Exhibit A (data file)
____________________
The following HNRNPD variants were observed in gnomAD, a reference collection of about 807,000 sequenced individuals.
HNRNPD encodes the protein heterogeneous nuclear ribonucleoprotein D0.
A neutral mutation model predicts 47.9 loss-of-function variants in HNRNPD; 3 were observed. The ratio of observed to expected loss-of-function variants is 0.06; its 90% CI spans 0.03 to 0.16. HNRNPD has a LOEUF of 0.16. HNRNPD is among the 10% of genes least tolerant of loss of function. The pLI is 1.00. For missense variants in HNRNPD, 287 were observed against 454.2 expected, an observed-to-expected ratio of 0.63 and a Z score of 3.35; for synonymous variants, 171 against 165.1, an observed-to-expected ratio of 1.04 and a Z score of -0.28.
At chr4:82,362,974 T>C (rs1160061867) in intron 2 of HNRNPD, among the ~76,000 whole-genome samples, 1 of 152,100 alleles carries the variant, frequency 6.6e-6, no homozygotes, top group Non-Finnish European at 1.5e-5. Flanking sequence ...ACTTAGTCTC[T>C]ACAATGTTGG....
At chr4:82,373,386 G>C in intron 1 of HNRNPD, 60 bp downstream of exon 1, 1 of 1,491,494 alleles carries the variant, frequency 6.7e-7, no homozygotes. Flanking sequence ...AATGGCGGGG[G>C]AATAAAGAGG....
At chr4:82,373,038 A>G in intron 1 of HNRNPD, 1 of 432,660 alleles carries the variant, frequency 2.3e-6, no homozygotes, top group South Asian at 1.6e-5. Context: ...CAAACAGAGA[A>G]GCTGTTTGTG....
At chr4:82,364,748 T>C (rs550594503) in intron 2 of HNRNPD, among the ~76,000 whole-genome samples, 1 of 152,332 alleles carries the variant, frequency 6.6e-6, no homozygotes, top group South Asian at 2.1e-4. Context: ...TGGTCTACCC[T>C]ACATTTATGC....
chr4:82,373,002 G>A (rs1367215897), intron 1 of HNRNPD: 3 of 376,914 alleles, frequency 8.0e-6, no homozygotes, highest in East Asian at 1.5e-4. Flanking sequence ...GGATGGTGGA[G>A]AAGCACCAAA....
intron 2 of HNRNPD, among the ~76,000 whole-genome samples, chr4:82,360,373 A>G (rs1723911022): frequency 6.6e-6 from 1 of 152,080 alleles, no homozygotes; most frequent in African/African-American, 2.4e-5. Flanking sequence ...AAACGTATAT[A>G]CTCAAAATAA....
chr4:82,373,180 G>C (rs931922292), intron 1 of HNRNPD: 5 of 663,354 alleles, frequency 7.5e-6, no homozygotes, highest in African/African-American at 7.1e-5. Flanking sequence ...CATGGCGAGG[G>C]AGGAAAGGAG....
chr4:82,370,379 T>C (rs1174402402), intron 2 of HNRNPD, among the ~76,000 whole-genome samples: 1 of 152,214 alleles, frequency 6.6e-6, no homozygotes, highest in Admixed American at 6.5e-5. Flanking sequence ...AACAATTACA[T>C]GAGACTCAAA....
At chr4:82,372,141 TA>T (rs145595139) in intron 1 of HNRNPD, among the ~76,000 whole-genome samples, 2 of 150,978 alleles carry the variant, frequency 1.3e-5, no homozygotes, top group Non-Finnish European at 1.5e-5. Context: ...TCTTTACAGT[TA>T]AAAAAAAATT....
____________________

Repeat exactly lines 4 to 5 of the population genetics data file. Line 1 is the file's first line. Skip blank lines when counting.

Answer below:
At chr4:82,362,974 T>C (rs1160061867) in intron 2 of HNRNPD, among the ~76,000 whole-genome samples, 1 of 152,100 alleles carries the variant, frequency 6.6e-6, no homozygotes, top group Non-Finnish European at 1.5e-5. Flanking sequence ...ACTTAGTCTC[T>C]ACAATGTTGG....
At chr4:82,373,386 G>C in intron 1 of HNRNPD, 60 bp downstream of exon 1, 1 of 1,491,494 alleles carries the variant, frequency 6.7e-7, no homozygotes. Flanking sequence ...AATGGCGGGG[G>C]AATAAAGAGG....